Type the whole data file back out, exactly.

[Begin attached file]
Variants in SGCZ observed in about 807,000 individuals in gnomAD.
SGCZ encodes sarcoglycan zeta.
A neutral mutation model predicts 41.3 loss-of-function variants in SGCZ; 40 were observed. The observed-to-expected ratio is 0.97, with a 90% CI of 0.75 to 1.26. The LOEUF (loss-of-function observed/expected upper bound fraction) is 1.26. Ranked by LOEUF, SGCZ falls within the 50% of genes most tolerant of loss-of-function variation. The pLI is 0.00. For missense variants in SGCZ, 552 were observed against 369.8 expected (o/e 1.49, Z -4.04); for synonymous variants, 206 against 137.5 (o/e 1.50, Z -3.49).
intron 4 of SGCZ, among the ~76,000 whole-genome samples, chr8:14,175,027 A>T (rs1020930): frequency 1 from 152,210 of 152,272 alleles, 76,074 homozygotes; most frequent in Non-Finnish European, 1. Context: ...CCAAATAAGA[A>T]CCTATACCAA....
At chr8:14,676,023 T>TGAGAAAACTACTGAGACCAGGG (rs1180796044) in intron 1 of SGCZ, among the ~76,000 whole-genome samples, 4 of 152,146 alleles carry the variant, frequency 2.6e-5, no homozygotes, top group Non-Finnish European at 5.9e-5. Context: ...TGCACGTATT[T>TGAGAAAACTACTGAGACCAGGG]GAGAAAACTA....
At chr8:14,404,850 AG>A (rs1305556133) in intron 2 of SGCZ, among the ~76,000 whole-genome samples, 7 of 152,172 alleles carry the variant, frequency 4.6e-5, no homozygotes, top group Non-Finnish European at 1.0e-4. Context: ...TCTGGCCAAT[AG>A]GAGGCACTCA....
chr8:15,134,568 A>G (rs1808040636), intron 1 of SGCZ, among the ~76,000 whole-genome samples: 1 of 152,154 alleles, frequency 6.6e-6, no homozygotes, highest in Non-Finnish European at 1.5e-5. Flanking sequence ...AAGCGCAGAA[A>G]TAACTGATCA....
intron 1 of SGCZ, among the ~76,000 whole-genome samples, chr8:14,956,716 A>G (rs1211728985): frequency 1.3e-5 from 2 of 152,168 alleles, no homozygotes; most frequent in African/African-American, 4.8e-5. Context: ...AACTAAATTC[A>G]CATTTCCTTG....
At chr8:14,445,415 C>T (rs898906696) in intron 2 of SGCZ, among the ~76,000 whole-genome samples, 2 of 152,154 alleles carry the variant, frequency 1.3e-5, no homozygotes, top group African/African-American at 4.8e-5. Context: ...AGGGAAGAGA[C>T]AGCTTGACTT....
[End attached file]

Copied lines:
Variants in SGCZ observed in about 807,000 individuals in gnomAD.
SGCZ encodes sarcoglycan zeta.
A neutral mutation model predicts 41.3 loss-of-function variants in SGCZ; 40 were observed. The observed-to-expected ratio is 0.97, with a 90% CI of 0.75 to 1.26. The LOEUF (loss-of-function observed/expected upper bound fraction) is 1.26. Ranked by LOEUF, SGCZ falls within the 50% of genes most tolerant of loss-of-function variation. The pLI is 0.00. For missense variants in SGCZ, 552 were observed against 369.8 expected (o/e 1.49, Z -4.04); for synonymous variants, 206 against 137.5 (o/e 1.50, Z -3.49).
intron 4 of SGCZ, among the ~76,000 whole-genome samples, chr8:14,175,027 A>T (rs1020930): frequency 1 from 152,210 of 152,272 alleles, 76,074 homozygotes; most frequent in Non-Finnish European, 1. Context: ...CCAAATAAGA[A>T]CCTATACCAA....
At chr8:14,676,023 T>TGAGAAAACTACTGAGACCAGGG (rs1180796044) in intron 1 of SGCZ, among the ~76,000 whole-genome samples, 4 of 152,146 alleles carry the variant, frequency 2.6e-5, no homozygotes, top group Non-Finnish European at 5.9e-5. Context: ...TGCACGTATT[T>TGAGAAAACTACTGAGACCAGGG]GAGAAAACTA....
At chr8:14,404,850 AG>A (rs1305556133) in intron 2 of SGCZ, among the ~76,000 whole-genome samples, 7 of 152,172 alleles carry the variant, frequency 4.6e-5, no homozygotes, top group Non-Finnish European at 1.0e-4. Context: ...TCTGGCCAAT[AG>A]GAGGCACTCA....
chr8:15,134,568 A>G (rs1808040636), intron 1 of SGCZ, among the ~76,000 whole-genome samples: 1 of 152,154 alleles, frequency 6.6e-6, no homozygotes, highest in Non-Finnish European at 1.5e-5. Flanking sequence ...AAGCGCAGAA[A>G]TAACTGATCA....
intron 1 of SGCZ, among the ~76,000 whole-genome samples, chr8:14,956,716 A>G (rs1211728985): frequency 1.3e-5 from 2 of 152,168 alleles, no homozygotes; most frequent in African/African-American, 4.8e-5. Context: ...AACTAAATTC[A>G]CATTTCCTTG....
At chr8:14,445,415 C>T (rs898906696) in intron 2 of SGCZ, among the ~76,000 whole-genome samples, 2 of 152,154 alleles carry the variant, frequency 1.3e-5, no homozygotes, top group African/African-American at 4.8e-5. Context: ...AGGGAAGAGA[C>T]AGCTTGACTT....